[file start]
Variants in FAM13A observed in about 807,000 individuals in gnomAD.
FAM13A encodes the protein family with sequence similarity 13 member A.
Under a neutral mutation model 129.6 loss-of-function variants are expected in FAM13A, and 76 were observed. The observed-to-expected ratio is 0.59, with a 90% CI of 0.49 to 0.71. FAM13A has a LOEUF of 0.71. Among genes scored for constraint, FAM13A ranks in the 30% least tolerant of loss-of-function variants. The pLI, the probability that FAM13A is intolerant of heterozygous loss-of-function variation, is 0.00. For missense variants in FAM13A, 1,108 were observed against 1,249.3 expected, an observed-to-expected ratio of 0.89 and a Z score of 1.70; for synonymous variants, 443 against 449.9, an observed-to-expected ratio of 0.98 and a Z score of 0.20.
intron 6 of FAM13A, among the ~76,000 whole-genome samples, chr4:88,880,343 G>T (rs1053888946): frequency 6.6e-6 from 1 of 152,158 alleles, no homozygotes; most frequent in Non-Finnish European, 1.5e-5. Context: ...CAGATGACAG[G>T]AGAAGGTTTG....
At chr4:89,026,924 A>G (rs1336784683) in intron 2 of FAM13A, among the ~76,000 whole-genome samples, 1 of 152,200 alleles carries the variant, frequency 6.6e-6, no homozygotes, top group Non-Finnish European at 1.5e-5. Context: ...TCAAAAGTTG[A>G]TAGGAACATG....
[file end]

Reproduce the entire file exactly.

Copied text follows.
Variants in FAM13A observed in about 807,000 individuals in gnomAD.
FAM13A encodes the protein family with sequence similarity 13 member A.
Under a neutral mutation model 129.6 loss-of-function variants are expected in FAM13A, and 76 were observed. The observed-to-expected ratio is 0.59, with a 90% CI of 0.49 to 0.71. FAM13A has a LOEUF of 0.71. Among genes scored for constraint, FAM13A ranks in the 30% least tolerant of loss-of-function variants. The pLI, the probability that FAM13A is intolerant of heterozygous loss-of-function variation, is 0.00. For missense variants in FAM13A, 1,108 were observed against 1,249.3 expected, an observed-to-expected ratio of 0.89 and a Z score of 1.70; for synonymous variants, 443 against 449.9, an observed-to-expected ratio of 0.98 and a Z score of 0.20.
intron 6 of FAM13A, among the ~76,000 whole-genome samples, chr4:88,880,343 G>T (rs1053888946): frequency 6.6e-6 from 1 of 152,158 alleles, no homozygotes; most frequent in Non-Finnish European, 1.5e-5. Context: ...CAGATGACAG[G>T]AGAAGGTTTG....
At chr4:89,026,924 A>G (rs1336784683) in intron 2 of FAM13A, among the ~76,000 whole-genome samples, 1 of 152,200 alleles carries the variant, frequency 6.6e-6, no homozygotes, top group Non-Finnish European at 1.5e-5. Context: ...TCAAAAGTTG[A>G]TAGGAACATG....